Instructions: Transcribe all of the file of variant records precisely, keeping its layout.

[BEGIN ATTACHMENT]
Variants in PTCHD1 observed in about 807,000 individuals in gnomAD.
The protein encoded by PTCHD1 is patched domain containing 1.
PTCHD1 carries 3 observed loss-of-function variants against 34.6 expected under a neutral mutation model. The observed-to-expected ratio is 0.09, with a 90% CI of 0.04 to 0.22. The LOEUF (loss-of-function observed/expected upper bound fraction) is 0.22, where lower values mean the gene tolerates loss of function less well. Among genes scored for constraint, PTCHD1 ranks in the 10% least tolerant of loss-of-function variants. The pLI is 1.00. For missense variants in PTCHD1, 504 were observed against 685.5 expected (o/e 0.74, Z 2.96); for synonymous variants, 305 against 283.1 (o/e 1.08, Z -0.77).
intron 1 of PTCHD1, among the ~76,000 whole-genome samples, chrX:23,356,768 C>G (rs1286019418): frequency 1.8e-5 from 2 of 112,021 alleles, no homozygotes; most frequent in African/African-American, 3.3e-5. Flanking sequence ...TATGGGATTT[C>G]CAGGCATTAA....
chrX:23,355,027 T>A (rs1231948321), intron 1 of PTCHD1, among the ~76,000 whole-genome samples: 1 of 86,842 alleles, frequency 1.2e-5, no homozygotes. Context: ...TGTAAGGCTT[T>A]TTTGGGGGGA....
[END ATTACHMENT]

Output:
Variants in PTCHD1 observed in about 807,000 individuals in gnomAD.
The protein encoded by PTCHD1 is patched domain containing 1.
PTCHD1 carries 3 observed loss-of-function variants against 34.6 expected under a neutral mutation model. The observed-to-expected ratio is 0.09, with a 90% CI of 0.04 to 0.22. The LOEUF (loss-of-function observed/expected upper bound fraction) is 0.22, where lower values mean the gene tolerates loss of function less well. Among genes scored for constraint, PTCHD1 ranks in the 10% least tolerant of loss-of-function variants. The pLI is 1.00. For missense variants in PTCHD1, 504 were observed against 685.5 expected (o/e 0.74, Z 2.96); for synonymous variants, 305 against 283.1 (o/e 1.08, Z -0.77).
intron 1 of PTCHD1, among the ~76,000 whole-genome samples, chrX:23,356,768 C>G (rs1286019418): frequency 1.8e-5 from 2 of 112,021 alleles, no homozygotes; most frequent in African/African-American, 3.3e-5. Flanking sequence ...TATGGGATTT[C>G]CAGGCATTAA....
chrX:23,355,027 T>A (rs1231948321), intron 1 of PTCHD1, among the ~76,000 whole-genome samples: 1 of 86,842 alleles, frequency 1.2e-5, no homozygotes. Context: ...TGTAAGGCTT[T>A]TTTGGGGGGA....